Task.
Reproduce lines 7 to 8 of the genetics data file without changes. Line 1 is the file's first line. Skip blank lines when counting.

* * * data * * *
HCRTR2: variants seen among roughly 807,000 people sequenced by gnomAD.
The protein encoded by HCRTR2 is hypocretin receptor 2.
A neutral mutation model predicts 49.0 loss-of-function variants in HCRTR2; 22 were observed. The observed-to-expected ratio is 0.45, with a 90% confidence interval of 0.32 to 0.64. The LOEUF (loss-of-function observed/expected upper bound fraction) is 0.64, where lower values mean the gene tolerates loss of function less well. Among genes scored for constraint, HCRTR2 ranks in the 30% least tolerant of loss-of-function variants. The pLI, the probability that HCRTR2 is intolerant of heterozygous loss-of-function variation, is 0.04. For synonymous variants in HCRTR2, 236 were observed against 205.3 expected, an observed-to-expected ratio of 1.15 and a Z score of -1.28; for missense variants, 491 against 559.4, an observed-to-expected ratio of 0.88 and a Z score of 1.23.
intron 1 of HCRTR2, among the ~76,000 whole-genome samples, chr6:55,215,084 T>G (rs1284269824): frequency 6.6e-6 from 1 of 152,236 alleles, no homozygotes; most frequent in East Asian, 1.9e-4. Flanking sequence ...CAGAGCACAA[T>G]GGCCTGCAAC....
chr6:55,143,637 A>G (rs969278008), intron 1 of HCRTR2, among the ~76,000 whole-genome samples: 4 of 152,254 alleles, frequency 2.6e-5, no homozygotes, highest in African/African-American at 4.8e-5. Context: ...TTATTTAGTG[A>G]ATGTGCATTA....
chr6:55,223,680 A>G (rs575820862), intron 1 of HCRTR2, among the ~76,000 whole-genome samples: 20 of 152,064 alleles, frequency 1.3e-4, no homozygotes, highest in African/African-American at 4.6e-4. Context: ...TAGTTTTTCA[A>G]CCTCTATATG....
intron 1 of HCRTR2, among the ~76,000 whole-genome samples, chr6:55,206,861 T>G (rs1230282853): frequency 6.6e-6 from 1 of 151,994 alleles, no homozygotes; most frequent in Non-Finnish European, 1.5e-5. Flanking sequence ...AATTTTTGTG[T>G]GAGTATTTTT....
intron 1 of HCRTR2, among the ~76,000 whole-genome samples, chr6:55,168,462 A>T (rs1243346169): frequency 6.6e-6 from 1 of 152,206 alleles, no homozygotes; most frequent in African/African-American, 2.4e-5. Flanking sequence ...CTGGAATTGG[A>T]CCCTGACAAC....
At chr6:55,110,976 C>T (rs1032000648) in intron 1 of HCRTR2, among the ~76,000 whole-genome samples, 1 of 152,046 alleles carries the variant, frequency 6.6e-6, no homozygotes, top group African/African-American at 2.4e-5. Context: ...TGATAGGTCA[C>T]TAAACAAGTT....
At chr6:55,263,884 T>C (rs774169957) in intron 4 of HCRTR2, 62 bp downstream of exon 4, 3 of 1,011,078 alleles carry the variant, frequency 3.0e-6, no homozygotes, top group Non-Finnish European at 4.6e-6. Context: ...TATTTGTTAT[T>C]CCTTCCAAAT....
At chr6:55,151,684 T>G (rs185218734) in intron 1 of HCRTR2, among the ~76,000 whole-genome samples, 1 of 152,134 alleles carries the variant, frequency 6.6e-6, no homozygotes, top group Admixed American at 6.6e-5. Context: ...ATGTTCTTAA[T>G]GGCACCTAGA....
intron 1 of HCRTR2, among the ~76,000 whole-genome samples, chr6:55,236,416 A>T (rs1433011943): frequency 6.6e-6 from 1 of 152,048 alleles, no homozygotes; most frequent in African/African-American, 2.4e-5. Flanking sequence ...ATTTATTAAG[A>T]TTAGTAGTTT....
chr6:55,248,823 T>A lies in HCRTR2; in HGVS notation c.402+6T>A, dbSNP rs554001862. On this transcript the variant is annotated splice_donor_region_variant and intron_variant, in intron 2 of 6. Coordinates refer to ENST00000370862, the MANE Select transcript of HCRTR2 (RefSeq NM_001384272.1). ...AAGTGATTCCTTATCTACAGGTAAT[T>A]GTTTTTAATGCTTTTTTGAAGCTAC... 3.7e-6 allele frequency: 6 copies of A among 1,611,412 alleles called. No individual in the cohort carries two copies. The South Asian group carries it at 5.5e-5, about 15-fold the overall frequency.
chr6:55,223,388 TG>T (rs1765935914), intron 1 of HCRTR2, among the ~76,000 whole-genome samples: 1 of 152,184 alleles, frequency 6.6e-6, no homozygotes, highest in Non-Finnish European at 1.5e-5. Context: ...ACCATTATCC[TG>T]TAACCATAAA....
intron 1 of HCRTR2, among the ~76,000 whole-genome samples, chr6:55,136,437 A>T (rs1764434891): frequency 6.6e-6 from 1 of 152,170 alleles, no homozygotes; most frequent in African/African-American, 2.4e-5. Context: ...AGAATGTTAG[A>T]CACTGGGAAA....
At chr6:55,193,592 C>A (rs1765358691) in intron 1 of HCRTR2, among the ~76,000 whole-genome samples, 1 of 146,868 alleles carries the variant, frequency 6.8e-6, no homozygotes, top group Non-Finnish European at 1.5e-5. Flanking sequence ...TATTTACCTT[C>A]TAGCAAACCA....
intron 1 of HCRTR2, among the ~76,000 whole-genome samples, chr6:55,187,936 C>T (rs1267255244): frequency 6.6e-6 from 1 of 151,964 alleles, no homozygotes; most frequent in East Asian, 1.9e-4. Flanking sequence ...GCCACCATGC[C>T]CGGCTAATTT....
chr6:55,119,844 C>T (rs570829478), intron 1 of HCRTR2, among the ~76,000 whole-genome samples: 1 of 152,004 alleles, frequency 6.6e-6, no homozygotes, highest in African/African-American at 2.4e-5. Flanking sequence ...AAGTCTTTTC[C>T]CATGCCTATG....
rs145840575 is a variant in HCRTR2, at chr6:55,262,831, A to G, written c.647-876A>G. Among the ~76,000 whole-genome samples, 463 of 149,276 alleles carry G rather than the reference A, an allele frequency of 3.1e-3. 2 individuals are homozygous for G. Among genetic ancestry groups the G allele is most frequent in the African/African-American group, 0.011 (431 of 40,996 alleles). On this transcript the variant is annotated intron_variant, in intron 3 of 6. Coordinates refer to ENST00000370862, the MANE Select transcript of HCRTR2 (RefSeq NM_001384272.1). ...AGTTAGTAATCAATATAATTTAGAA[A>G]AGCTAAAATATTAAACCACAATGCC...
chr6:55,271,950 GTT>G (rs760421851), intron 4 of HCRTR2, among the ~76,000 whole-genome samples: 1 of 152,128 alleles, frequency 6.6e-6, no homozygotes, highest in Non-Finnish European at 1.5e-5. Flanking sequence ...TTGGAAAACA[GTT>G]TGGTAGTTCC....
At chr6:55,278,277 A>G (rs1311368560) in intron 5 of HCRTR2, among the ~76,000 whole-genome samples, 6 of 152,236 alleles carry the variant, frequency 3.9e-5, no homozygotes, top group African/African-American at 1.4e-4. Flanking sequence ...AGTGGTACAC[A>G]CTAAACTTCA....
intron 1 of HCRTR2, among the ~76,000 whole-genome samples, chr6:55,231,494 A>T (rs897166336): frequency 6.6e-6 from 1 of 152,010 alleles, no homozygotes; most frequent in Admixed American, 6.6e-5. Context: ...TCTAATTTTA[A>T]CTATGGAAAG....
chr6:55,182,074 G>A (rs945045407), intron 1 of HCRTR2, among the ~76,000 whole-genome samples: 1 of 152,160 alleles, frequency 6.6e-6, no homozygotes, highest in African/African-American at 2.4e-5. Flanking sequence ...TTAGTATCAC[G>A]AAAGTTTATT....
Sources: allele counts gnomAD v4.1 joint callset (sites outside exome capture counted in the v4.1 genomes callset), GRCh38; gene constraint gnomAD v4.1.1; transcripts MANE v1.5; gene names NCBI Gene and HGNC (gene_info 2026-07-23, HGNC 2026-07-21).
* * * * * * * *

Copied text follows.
intron 1 of HCRTR2, among the ~76,000 whole-genome samples, chr6:55,206,861 T>G (rs1230282853): frequency 6.6e-6 from 1 of 151,994 alleles, no homozygotes; most frequent in Non-Finnish European, 1.5e-5. Flanking sequence ...AATTTTTGTG[T>G]GAGTATTTTT....
intron 1 of HCRTR2, among the ~76,000 whole-genome samples, chr6:55,168,462 A>T (rs1243346169): frequency 6.6e-6 from 1 of 152,206 alleles, no homozygotes; most frequent in African/African-American, 2.4e-5. Flanking sequence ...CTGGAATTGG[A>T]CCCTGACAAC....